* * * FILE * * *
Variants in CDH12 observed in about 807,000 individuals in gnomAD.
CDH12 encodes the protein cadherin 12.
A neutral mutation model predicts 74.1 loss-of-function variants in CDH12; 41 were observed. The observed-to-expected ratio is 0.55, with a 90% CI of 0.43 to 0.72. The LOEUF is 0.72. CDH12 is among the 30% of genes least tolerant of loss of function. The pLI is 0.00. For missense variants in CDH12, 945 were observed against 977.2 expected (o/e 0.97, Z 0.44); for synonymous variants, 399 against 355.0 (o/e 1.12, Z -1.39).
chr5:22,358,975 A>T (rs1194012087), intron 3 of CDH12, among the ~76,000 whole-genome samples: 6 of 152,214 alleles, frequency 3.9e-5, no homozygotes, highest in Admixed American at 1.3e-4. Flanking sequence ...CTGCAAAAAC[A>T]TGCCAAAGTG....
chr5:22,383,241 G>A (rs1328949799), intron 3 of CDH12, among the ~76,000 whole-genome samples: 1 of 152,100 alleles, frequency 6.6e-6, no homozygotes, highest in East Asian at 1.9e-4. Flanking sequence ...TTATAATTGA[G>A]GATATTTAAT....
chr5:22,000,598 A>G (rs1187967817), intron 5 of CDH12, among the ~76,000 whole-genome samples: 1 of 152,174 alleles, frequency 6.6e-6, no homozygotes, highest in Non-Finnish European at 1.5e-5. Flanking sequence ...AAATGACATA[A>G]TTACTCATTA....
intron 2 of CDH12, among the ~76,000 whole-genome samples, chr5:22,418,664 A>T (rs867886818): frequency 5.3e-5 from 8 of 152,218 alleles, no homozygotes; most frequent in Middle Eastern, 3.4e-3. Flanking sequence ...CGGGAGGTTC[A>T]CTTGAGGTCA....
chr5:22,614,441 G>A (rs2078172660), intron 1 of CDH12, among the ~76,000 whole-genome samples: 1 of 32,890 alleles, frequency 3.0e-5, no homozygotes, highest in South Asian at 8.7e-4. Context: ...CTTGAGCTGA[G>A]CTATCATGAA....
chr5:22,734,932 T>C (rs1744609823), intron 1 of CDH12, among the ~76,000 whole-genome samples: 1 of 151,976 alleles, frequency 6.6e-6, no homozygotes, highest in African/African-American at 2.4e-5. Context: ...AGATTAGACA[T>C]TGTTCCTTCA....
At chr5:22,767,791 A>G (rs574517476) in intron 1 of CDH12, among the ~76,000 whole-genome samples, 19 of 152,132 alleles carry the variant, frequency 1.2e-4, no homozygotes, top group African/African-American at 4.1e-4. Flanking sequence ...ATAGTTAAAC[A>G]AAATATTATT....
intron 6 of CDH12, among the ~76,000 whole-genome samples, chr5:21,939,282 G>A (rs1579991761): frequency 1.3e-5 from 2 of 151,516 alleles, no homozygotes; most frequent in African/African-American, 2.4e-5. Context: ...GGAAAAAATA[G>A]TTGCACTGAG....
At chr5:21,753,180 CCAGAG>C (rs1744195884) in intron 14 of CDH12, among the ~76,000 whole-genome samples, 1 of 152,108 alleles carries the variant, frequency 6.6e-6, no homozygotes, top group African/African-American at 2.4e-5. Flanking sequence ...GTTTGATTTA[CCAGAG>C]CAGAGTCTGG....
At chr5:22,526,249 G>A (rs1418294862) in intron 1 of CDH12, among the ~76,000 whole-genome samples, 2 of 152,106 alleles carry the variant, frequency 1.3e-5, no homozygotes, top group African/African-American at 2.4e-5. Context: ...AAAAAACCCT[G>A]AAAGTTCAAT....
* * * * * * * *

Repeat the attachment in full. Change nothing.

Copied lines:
Variants in CDH12 observed in about 807,000 individuals in gnomAD.
CDH12 encodes the protein cadherin 12.
A neutral mutation model predicts 74.1 loss-of-function variants in CDH12; 41 were observed. The observed-to-expected ratio is 0.55, with a 90% CI of 0.43 to 0.72. The LOEUF is 0.72. CDH12 is among the 30% of genes least tolerant of loss of function. The pLI is 0.00. For missense variants in CDH12, 945 were observed against 977.2 expected (o/e 0.97, Z 0.44); for synonymous variants, 399 against 355.0 (o/e 1.12, Z -1.39).
chr5:22,358,975 A>T (rs1194012087), intron 3 of CDH12, among the ~76,000 whole-genome samples: 6 of 152,214 alleles, frequency 3.9e-5, no homozygotes, highest in Admixed American at 1.3e-4. Flanking sequence ...CTGCAAAAAC[A>T]TGCCAAAGTG....
chr5:22,383,241 G>A (rs1328949799), intron 3 of CDH12, among the ~76,000 whole-genome samples: 1 of 152,100 alleles, frequency 6.6e-6, no homozygotes, highest in East Asian at 1.9e-4. Flanking sequence ...TTATAATTGA[G>A]GATATTTAAT....
chr5:22,000,598 A>G (rs1187967817), intron 5 of CDH12, among the ~76,000 whole-genome samples: 1 of 152,174 alleles, frequency 6.6e-6, no homozygotes, highest in Non-Finnish European at 1.5e-5. Flanking sequence ...AAATGACATA[A>G]TTACTCATTA....
intron 2 of CDH12, among the ~76,000 whole-genome samples, chr5:22,418,664 A>T (rs867886818): frequency 5.3e-5 from 8 of 152,218 alleles, no homozygotes; most frequent in Middle Eastern, 3.4e-3. Flanking sequence ...CGGGAGGTTC[A>T]CTTGAGGTCA....
chr5:22,614,441 G>A (rs2078172660), intron 1 of CDH12, among the ~76,000 whole-genome samples: 1 of 32,890 alleles, frequency 3.0e-5, no homozygotes, highest in South Asian at 8.7e-4. Context: ...CTTGAGCTGA[G>A]CTATCATGAA....
chr5:22,734,932 T>C (rs1744609823), intron 1 of CDH12, among the ~76,000 whole-genome samples: 1 of 151,976 alleles, frequency 6.6e-6, no homozygotes, highest in African/African-American at 2.4e-5. Context: ...AGATTAGACA[T>C]TGTTCCTTCA....
At chr5:22,767,791 A>G (rs574517476) in intron 1 of CDH12, among the ~76,000 whole-genome samples, 19 of 152,132 alleles carry the variant, frequency 1.2e-4, no homozygotes, top group African/African-American at 4.1e-4. Flanking sequence ...ATAGTTAAAC[A>G]AAATATTATT....
intron 6 of CDH12, among the ~76,000 whole-genome samples, chr5:21,939,282 G>A (rs1579991761): frequency 1.3e-5 from 2 of 151,516 alleles, no homozygotes; most frequent in African/African-American, 2.4e-5. Context: ...GGAAAAAATA[G>A]TTGCACTGAG....
At chr5:21,753,180 CCAGAG>C (rs1744195884) in intron 14 of CDH12, among the ~76,000 whole-genome samples, 1 of 152,108 alleles carries the variant, frequency 6.6e-6, no homozygotes, top group African/African-American at 2.4e-5. Flanking sequence ...GTTTGATTTA[CCAGAG>C]CAGAGTCTGG....
At chr5:22,526,249 G>A (rs1418294862) in intron 1 of CDH12, among the ~76,000 whole-genome samples, 2 of 152,106 alleles carry the variant, frequency 1.3e-5, no homozygotes, top group African/African-American at 2.4e-5. Context: ...AAAAAACCCT[G>A]AAAGTTCAAT....